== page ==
Coping on Mother's Day When You Have No Children

How to Redfine the Day and Take Care of Yourself on Mother's Day

Couple eating at a fancy restaurant
Mother's Day may be the perfect day to go out to a non-family friendly restraurant. Dan Dalton / Getty Images

Mother’s Day can be a difficult time for those without children – especially those who would love to have children but can’t for some reason.

In some cases, it’s infertility that causes Mother’s Day pain, but single women who wish to be moms can also struggle on this day.

Even moms who want more children can feel low on Mother’s Day. It may seem odd to those with primary infertility -- those without any kids -- but the day has such a strong focus on Motherhood.

A mom who wants more kids is reminded of just how precious the gift of motherhood is. It can hurt.

Here are a few ways to get through Mother’s Day with infertility. 

Way to Cope #1: Cocoon Style

In what I’m calling Cocoon Style, you cope by creating an almost protective cocoon around yourself. 

Of course, I don’t mean this literally.

It’s not easy to escape the marketing of Mother’s Day, but there are some places you may escape some of it.

Going out to eat at a family restaurant is probably not a good idea. Lots of moms with kids may be there.

But this may be just the day to reserve a spot at the fanciest (no kid) place in town.

The commercials and news on Mother’s Day will likely mention moms frequently.

Instead, on Mother’s Day, watch a movie or go on a Netflix binge.

Cocoon style also means finding a way to comfort yourself while you’re hiding out. Maybe this is the day you book a massage at a local spa.

(Yes, there may be Mother’s Day specials so... go prepared to see this sort of advertising.)

Take care of yourself. Treat yourself. Don’t accept the marketing message that only “moms” should get pampered today.

If you’re struggling to conceive, you’re in way more need of pampering than they are.

Way to Cope #2: Focus on Others

Another way to cope with Mother’s Day is to focus on others.

This can mean so many things.

Consider this:

  • Make the day all about your mother or grandmother. Focus on them, on what they have given to you.
  • Make the day about a friend who is a mother or other family members. If you fully embrace your aunty role, maybe this means taking out your nieces and nephews while their parents get a break.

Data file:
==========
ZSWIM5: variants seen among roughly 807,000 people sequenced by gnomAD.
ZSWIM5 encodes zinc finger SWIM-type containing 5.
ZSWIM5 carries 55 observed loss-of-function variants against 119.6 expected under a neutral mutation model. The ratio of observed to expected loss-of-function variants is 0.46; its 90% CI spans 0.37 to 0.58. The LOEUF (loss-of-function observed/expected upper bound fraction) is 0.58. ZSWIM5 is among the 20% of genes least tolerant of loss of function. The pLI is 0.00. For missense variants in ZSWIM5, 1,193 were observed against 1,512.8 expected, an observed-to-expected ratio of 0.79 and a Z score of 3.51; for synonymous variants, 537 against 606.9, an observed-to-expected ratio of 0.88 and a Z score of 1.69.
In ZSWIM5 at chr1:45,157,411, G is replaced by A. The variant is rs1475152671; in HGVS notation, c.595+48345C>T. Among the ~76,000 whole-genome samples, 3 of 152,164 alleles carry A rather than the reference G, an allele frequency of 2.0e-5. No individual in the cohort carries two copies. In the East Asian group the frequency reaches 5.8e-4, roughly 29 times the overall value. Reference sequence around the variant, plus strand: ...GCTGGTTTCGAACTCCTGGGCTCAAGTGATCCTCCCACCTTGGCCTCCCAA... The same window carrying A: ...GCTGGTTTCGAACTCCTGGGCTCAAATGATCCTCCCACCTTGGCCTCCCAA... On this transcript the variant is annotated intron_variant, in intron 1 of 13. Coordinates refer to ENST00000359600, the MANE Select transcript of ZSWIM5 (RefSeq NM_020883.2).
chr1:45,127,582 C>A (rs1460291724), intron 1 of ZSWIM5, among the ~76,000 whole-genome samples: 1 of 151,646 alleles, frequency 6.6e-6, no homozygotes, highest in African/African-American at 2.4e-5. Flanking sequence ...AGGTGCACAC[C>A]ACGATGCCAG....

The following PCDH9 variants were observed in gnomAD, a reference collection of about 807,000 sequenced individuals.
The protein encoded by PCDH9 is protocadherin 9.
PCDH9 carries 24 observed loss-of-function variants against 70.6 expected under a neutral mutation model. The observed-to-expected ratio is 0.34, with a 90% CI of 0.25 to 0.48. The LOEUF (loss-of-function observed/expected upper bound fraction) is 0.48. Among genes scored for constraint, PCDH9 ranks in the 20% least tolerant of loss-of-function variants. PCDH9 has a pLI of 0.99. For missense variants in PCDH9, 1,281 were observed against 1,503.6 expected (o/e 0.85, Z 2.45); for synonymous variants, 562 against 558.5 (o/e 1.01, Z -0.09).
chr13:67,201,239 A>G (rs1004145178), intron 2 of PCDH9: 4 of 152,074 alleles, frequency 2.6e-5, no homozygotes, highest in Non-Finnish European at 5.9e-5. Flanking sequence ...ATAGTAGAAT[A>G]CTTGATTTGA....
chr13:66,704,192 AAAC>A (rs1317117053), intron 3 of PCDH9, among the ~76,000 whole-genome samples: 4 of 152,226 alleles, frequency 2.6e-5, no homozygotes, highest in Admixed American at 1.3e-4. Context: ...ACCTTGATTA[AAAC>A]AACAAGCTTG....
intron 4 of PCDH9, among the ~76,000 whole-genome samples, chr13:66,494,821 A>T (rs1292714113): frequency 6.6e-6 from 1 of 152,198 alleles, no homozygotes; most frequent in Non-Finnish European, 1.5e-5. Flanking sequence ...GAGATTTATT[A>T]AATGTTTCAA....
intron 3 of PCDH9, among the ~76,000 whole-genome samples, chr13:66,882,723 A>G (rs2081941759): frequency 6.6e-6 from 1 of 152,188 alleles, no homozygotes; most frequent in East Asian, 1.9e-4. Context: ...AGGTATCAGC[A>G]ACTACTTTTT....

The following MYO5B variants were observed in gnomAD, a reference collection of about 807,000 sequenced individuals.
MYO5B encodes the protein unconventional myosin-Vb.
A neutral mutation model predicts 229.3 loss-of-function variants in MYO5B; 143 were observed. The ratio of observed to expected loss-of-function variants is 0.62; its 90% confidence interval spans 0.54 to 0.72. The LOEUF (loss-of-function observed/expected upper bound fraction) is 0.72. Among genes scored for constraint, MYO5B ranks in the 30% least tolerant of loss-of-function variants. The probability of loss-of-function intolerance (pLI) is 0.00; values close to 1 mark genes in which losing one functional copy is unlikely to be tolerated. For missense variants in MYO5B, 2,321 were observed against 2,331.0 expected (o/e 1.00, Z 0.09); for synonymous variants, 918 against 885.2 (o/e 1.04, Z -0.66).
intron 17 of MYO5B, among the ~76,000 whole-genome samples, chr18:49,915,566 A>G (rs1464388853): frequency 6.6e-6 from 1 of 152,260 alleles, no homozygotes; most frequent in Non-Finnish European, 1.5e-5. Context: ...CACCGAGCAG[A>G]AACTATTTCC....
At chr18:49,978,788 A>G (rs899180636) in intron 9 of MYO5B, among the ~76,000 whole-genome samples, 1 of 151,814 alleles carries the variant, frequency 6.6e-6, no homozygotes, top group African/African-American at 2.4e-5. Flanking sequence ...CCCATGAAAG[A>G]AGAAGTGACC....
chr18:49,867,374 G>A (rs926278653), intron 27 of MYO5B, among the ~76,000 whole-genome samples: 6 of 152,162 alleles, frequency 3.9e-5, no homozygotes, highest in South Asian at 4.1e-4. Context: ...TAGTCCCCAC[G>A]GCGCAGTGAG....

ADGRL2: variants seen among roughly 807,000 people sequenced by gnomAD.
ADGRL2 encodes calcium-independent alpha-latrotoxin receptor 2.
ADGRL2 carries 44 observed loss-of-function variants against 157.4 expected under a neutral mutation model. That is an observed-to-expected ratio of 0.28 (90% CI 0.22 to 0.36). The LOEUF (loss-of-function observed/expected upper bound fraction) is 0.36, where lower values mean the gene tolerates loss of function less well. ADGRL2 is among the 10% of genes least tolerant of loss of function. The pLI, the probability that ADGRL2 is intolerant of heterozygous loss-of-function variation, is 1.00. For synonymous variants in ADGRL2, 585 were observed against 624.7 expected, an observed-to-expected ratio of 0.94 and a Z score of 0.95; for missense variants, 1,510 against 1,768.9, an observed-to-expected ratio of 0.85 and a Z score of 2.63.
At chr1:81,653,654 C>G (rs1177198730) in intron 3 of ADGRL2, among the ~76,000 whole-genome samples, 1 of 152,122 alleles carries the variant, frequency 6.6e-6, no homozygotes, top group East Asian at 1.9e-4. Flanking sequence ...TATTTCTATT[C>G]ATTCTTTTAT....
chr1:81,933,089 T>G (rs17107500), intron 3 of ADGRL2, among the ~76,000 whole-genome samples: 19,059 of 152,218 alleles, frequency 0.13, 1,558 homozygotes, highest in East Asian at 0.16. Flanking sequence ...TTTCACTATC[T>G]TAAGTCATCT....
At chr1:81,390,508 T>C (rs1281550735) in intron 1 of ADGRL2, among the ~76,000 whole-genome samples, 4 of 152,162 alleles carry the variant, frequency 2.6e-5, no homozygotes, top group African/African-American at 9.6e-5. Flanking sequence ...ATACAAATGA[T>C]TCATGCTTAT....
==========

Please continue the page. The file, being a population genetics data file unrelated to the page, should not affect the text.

• Focus on mothers in need. Make the day about volunteering or helping at a homeless shelter, a soup kitchen, or a shelter for battered women. Call and ask how you can help mothers who truly need help.

Focusing on others in Mother’s Day isn’t right for everyone. Some years, you’ve got to just focus on self care and that is okay.

However, you may come to a time when focusing on others is a form of self-care. If helping someone else is going to make you feel good, go for it.

Way to Cope #3: Redefine the Day

So, apparently, Mother’s Day is for mothers... but according to who? Mother’s Day is a Hallmark holiday. There are no real rules.

You can celebrate however you want.

Why not redefine the day? Perhaps call it... Mothering Day.

You don't need to have biological or adopted children in order to be motherly. (Sadly, there are plenty of traditional mothers who have no idea how to mother or nurture others.)

Think back to those in your life who have mothered you. I can think of a few special women who mothered me, as a child and as an adult. I cannot imagine who I am today without their special love, care, and attention.

I am sure you have mothered others yourself.

I'd say there's a high probability that someone out there felt nurtured and cared for in a special way by you. You may not know it. But they do.

Redefine the day as a day to celebrate those who give to others. Who care for others. Who make a difference in other people's lives. Who do these things even without any biological connection to the other person.

Celebrate that.

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